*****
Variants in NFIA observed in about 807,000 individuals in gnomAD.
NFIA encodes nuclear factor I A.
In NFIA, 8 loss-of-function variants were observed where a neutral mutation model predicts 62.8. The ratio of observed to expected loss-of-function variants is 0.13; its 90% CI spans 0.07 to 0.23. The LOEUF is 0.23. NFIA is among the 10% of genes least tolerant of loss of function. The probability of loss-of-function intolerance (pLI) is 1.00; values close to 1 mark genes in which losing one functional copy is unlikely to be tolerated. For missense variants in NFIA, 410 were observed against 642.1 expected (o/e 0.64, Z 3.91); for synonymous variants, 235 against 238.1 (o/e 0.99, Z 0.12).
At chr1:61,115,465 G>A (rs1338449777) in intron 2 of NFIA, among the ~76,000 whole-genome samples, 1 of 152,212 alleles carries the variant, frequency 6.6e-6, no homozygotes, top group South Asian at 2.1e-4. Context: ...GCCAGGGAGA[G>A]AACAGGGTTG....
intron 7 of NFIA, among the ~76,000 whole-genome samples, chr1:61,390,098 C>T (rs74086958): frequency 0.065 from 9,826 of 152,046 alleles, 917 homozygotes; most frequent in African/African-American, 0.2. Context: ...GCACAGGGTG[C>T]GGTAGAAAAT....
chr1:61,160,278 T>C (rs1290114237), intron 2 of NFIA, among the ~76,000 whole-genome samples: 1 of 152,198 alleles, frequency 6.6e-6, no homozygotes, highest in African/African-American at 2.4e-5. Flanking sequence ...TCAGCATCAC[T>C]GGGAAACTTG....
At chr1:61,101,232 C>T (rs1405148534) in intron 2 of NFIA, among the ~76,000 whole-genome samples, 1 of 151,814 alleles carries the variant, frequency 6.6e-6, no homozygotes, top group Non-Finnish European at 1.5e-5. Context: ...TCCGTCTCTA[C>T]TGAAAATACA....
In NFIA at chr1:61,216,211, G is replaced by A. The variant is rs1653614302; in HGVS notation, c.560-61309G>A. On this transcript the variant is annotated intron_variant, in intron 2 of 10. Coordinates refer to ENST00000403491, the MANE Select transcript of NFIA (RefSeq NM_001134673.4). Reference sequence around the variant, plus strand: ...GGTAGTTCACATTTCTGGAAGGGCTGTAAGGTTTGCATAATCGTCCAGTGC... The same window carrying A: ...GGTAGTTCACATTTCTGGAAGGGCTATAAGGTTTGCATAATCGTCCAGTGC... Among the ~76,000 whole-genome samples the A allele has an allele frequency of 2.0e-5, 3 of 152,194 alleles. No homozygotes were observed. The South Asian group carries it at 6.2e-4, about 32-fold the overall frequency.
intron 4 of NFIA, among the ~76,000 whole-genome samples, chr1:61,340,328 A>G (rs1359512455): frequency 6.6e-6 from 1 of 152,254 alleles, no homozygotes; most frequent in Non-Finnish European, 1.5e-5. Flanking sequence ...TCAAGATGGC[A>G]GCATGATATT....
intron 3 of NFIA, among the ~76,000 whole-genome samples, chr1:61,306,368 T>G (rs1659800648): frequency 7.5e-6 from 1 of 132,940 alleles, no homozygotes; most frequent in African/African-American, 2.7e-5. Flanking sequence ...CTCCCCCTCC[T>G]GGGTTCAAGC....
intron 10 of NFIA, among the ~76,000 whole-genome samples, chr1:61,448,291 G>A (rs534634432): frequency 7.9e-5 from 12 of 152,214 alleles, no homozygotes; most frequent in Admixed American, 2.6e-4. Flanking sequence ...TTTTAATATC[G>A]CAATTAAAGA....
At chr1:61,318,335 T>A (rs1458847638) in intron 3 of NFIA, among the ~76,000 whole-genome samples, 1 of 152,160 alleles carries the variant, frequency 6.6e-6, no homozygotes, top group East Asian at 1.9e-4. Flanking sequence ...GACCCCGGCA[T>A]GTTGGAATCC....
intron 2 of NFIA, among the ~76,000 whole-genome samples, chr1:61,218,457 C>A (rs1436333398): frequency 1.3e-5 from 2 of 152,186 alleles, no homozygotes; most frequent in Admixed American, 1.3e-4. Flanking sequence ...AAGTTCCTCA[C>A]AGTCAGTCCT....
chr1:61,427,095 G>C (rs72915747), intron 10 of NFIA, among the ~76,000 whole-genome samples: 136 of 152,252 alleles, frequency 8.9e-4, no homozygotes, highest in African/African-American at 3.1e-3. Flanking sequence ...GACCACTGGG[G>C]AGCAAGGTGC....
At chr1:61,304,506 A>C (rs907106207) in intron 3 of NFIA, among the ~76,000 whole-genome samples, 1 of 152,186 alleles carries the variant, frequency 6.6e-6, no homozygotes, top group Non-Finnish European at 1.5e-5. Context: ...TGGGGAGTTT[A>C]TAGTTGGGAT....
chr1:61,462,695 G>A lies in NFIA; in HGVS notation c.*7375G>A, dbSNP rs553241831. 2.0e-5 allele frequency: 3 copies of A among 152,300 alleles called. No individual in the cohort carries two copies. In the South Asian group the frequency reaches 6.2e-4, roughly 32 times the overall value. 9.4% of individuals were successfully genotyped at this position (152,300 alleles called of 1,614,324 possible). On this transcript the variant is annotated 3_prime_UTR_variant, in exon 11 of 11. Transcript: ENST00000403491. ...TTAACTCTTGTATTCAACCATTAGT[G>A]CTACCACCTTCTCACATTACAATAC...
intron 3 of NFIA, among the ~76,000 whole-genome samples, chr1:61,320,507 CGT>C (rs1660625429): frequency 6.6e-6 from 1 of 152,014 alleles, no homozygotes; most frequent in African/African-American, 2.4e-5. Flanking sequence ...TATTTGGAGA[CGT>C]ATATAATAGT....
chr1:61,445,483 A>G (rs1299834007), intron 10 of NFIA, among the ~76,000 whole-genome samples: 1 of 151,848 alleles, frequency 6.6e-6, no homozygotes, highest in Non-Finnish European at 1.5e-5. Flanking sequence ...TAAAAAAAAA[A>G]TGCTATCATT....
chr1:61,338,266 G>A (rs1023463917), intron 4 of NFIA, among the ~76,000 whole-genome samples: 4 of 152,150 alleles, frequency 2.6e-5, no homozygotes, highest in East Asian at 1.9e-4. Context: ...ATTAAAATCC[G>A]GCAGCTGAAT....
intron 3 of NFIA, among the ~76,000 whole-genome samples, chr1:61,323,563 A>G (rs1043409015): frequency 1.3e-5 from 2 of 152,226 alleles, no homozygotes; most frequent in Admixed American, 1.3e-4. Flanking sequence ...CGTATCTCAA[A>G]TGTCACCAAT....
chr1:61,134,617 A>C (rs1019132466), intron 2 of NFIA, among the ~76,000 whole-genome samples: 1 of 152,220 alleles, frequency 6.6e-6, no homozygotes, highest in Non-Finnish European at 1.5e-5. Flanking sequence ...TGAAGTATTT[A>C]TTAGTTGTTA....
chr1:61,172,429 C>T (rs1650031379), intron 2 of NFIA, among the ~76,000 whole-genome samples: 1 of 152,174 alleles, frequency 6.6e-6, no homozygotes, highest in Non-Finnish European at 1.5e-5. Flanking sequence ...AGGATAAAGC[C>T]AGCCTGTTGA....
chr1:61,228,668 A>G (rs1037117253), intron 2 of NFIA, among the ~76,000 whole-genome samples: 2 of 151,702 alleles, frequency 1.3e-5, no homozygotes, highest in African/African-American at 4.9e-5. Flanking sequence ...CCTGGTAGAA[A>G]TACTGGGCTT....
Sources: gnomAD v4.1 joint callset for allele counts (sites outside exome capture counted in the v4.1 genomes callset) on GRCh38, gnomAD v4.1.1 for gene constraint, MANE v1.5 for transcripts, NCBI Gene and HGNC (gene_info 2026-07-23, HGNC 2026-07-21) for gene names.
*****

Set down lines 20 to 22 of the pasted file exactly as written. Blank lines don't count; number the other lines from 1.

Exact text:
intron 3 of NFIA, among the ~76,000 whole-genome samples, chr1:61,323,563 A>G (rs1043409015): frequency 1.3e-5 from 2 of 152,226 alleles, no homozygotes; most frequent in Admixed American, 1.3e-4. Flanking sequence ...CGTATCTCAA[A>G]TGTCACCAAT....
chr1:61,134,617 A>C (rs1019132466), intron 2 of NFIA, among the ~76,000 whole-genome samples: 1 of 152,220 alleles, frequency 6.6e-6, no homozygotes, highest in Non-Finnish European at 1.5e-5. Flanking sequence ...TGAAGTATTT[A>C]TTAGTTGTTA....
chr1:61,172,429 C>T (rs1650031379), intron 2 of NFIA, among the ~76,000 whole-genome samples: 1 of 152,174 alleles, frequency 6.6e-6, no homozygotes, highest in Non-Finnish European at 1.5e-5. Flanking sequence ...AGGATAAAGC[C>T]AGCCTGTTGA....